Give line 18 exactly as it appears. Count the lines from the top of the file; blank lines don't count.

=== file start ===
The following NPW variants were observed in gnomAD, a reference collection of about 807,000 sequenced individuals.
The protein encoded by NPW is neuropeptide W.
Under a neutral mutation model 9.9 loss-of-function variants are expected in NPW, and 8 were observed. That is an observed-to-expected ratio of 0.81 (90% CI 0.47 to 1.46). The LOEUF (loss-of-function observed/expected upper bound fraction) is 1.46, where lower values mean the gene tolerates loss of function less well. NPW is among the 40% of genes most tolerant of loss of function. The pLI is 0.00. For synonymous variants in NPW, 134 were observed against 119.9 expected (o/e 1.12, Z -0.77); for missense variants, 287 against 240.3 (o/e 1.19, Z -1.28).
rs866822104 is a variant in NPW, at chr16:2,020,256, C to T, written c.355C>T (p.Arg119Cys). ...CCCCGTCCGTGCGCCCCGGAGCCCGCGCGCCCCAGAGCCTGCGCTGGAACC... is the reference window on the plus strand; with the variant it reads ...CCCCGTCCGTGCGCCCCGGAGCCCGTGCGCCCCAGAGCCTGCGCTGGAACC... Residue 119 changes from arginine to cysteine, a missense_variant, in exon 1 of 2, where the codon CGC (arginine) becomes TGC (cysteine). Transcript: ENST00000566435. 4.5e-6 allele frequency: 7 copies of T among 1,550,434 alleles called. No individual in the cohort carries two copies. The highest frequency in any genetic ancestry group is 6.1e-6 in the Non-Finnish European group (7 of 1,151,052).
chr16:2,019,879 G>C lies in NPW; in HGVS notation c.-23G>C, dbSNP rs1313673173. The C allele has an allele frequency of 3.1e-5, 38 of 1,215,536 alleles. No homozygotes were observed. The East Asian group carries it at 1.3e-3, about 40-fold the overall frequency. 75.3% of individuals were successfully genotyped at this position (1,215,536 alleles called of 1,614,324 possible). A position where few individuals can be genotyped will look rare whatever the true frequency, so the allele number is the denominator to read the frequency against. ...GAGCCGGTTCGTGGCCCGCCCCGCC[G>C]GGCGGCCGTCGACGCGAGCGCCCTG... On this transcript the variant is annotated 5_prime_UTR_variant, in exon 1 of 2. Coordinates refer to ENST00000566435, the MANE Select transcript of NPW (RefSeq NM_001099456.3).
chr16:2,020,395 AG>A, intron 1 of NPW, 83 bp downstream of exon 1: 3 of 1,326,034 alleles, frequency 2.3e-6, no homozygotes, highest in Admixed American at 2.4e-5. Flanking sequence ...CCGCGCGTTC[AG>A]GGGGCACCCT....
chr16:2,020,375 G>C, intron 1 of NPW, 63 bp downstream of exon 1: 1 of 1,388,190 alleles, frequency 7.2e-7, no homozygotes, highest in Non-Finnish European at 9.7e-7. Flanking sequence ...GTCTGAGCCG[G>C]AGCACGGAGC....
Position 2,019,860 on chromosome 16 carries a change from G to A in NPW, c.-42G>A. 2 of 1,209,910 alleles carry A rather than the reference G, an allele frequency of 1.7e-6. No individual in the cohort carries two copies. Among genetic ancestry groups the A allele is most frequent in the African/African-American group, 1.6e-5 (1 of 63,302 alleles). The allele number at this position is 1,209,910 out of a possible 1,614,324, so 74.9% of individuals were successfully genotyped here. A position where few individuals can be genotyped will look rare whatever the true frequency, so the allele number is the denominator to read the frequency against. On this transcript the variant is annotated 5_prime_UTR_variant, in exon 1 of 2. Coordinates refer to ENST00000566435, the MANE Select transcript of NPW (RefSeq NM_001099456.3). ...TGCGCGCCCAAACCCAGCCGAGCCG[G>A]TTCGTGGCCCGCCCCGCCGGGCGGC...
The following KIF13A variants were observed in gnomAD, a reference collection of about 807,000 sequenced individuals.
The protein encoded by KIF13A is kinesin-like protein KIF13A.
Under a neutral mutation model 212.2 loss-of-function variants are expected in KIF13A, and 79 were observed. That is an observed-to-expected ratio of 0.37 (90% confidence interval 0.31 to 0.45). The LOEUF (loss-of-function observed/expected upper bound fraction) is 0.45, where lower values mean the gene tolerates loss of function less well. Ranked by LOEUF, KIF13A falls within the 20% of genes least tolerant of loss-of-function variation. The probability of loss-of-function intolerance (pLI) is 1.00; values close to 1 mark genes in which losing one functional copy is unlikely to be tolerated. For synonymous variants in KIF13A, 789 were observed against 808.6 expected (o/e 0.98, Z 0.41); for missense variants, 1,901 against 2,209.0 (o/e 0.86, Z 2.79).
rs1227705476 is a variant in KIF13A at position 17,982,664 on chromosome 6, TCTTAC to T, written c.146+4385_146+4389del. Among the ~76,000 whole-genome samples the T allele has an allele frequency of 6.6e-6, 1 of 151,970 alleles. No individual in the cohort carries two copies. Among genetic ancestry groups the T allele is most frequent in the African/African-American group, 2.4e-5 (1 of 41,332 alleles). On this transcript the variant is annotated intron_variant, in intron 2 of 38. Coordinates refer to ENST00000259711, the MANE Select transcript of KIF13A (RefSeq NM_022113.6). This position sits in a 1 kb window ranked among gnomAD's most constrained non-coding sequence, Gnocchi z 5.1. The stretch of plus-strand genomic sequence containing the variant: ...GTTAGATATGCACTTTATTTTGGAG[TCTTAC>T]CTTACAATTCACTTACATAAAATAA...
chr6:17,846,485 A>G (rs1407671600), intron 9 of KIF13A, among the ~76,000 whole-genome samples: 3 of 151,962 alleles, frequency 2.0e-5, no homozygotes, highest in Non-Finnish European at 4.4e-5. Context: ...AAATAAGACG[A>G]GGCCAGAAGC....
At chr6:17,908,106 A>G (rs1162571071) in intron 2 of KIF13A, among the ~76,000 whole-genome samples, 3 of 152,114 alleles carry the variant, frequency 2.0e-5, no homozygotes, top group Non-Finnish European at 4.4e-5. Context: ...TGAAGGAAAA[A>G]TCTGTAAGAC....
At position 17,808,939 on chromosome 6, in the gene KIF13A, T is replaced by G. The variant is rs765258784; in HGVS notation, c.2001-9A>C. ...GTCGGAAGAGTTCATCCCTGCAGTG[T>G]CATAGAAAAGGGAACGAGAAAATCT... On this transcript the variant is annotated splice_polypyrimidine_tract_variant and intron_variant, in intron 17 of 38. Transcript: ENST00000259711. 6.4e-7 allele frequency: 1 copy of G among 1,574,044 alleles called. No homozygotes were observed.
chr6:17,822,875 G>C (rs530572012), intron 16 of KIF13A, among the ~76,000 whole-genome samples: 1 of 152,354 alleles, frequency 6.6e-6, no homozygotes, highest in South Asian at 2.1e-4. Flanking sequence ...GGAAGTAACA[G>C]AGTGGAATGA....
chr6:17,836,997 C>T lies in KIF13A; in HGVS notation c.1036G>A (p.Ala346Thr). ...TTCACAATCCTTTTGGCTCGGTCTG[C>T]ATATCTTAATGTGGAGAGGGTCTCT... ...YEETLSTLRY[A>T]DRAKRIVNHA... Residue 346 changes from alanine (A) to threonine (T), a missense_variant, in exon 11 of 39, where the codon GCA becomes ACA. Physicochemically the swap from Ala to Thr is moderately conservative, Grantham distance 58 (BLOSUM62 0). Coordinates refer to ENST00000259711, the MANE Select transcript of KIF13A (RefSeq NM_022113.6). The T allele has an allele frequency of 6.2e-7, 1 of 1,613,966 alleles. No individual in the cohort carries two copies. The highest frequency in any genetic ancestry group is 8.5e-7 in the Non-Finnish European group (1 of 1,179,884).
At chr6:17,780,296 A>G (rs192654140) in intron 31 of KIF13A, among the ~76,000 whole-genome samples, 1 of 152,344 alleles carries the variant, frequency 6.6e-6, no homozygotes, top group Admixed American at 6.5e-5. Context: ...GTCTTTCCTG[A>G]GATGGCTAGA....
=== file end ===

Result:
At chr6:17,780,296 A>G (rs192654140) in intron 31 of KIF13A, among the ~76,000 whole-genome samples, 1 of 152,344 alleles carries the variant, frequency 6.6e-6, no homozygotes, top group Admixed American at 6.5e-5. Context: ...GTCTTTCCTG[A>G]GATGGCTAGA....